You are probably familiar with legendary investor Peter Lynch, who gained his considerable fame managing Fidelity's Magellan Fund. The fund earned an annualized return of 29% during his 13 years running it, more than twice what the S&P 500 (SPY) (VOO) earned during that time.
Mr. Lynch is well known for his book One Up On Wall Street, where he explains that individual investors can outperform fund managers because they are unencumbered by short-term performance concerns and bureaucratic rules.
During his tenure as manager of the Magellan Fund, Lynch held as many as 1,400 stocks at some point. Such a large number didn't prevent him from creating outstanding alpha. But it's essential to understand that he did not invest in new businesses in an effort to be more diversified. He simply invested in a compelling investment every time he came across one. This distinction is essential.
There's no use diversifying into unknown companies just for the sake of diversity. A foolish diversity is the hobgoblin of small investors. That said, it isn't safe to own just one stock, because in spite of your best efforts, the one you choose might be the victim of unforeseen circumstances. In small portfolios, I'd be comfortable owning between three and ten stocks.
Lynch believes investors should own however many "exciting prospects" that they are able to uncover and that pass the selection process. In short, while you could have not enough stocks, there is no such thing as too many, as long as you have the right filtering process.
But make no mistake, Lynch clearly thought about portfolio construction with diversification in mind, focusing on being spread across many industries, company size, and growth potential.
In a 1985 Barron's interview, he described his strategy behind the fund:
- 30%-45% of the fund in growth stocks.
- 25%-35% of the fund in conservative stocks.
- The rest would be in cyclicals and special situations.
Lynch thinks in terms of portfolio construction with each bucket serving a specific purpose:
- The more conservative part of the portfolio is here to offer downside protection in case of a market sell-off.
- The more aggressive part of the portfolio is here to generate alpha in a bull market.
Ultimately, reducing the volatility of a portfolio should not depend on the number of stocks in the portfolio, but the overall portfolio construction and the investment selection. Investing in multiple uncorrelated assets is a powerful way to limit portfolio draw-downs without necessarily compromising your potential returns.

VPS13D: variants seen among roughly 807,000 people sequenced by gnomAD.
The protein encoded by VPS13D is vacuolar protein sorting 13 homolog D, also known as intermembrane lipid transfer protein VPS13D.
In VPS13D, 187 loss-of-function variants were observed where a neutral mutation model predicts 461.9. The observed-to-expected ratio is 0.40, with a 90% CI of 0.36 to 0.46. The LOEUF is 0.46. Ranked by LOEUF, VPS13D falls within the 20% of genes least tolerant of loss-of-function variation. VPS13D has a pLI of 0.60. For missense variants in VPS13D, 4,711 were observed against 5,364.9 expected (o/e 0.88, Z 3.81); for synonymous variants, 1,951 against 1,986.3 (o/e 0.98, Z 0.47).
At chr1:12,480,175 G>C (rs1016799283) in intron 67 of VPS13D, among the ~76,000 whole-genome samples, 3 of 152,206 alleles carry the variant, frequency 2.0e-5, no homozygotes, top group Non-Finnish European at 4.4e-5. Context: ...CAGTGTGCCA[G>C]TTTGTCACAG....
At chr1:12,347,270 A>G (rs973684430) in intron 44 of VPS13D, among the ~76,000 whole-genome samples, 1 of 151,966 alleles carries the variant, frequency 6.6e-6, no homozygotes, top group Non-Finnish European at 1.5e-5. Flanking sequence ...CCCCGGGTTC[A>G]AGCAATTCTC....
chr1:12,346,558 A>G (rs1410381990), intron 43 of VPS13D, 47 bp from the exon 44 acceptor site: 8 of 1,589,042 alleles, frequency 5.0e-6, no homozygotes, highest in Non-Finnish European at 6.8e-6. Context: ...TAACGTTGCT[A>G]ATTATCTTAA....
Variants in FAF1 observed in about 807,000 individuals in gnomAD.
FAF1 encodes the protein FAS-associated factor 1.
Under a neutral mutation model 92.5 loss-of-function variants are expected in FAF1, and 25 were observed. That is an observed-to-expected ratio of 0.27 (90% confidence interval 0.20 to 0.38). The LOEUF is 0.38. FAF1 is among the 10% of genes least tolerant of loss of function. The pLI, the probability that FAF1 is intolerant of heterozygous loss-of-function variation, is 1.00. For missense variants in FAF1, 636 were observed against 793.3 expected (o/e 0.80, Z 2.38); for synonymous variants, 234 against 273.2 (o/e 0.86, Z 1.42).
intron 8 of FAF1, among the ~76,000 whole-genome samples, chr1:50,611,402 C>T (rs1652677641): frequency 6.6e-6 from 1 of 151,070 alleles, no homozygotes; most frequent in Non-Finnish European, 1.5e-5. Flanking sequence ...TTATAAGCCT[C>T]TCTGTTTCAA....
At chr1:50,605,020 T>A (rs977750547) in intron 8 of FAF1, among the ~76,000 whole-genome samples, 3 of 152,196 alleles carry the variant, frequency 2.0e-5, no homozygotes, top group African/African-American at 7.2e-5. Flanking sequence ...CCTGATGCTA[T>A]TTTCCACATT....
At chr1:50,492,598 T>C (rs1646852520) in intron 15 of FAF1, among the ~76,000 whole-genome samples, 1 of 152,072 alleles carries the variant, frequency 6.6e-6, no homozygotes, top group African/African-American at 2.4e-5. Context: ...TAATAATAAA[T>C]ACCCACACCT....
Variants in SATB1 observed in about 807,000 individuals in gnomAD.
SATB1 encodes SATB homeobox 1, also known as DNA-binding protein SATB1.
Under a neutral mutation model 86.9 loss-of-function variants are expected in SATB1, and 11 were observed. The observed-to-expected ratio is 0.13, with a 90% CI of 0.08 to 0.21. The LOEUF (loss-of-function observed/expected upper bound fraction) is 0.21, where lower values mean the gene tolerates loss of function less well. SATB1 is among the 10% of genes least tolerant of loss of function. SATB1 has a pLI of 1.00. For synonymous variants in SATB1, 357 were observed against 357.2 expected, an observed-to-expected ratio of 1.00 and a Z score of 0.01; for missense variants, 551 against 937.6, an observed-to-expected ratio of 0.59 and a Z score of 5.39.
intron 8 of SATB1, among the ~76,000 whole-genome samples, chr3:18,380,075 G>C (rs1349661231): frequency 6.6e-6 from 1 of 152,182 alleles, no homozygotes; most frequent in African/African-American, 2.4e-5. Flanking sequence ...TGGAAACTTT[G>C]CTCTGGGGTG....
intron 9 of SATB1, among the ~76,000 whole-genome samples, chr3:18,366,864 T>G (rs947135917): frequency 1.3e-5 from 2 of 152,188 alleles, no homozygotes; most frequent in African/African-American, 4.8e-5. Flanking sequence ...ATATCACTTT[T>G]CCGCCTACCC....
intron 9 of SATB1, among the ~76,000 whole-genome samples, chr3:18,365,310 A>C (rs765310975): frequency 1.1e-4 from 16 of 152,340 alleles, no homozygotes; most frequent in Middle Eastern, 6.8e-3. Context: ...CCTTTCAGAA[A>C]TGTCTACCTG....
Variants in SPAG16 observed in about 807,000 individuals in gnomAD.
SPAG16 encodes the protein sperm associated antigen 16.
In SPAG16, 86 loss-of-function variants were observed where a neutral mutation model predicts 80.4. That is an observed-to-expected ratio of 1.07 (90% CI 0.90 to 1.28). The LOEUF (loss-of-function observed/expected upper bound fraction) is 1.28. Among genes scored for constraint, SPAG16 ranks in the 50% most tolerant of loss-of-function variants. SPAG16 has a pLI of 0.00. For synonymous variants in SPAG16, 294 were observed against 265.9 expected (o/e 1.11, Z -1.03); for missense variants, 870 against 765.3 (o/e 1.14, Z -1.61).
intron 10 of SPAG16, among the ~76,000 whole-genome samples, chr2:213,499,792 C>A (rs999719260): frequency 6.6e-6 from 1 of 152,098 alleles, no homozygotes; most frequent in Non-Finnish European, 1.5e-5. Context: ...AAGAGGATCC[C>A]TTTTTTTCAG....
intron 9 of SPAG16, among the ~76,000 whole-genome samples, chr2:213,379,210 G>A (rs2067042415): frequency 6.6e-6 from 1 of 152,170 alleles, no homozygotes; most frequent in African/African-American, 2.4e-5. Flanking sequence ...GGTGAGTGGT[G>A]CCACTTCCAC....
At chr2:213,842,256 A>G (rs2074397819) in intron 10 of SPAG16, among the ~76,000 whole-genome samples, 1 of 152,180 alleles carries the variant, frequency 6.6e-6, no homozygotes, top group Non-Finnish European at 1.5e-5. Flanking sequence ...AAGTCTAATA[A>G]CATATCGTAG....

It's not uncommon to find individual investors who think they are taking too much company risk as soon as a stock reaches 3% of a portfolio. Yet, many are willing to take a 30-year mortgage to buy a single family home with a down payment that represents the vast majority of their financial assets at some point in their life.
The explanation is simple. Making a concentrated investment requires appropriate due diligence and usually involves a predefined goal and time horizon. If you know what you're buying and understand clearly the upside opportunity and downside risk, making a concentrated investment isn't necessarily reckless.
How concentrated your portfolio can be ultimately depends on what you put in the portfolio. If you behave like a business-owner, focusing on high quality companies that are likely to deliver outstanding returns on invested capital over the years, there is nothing wrong with focusing only on a handful of ideas.
Abnormal returns, after all, can only come from abnormal portfolios. If you need some form of concentration to deliver significant alpha, it all boils down to the intrinsic quality of the individual investments you put in the portfolio. The higher the quality of the individual bets, the more concentrated you can be.
Let's review the different factors you need to consider to think about how to build a portfolio that is right for you.
The importance of doing the reasonable thing
In his book The Psychology of Money, Morgan Housel explained the concept of being rational vs. reasonable.
Aiming to be mostly reasonable works better than trying to be coldly rational.
A rational decision means making a decision strictly based on what the facts and the numbers say. It all sounds great in concept. The implication is that you let the data make the decision for you.
The problem is that being rational is not always a realistic approach. We are all human beings with emotions at play that can get in the way of a sound plan. Sometimes, what would make the most sense for you is going to be different than the most rational decision.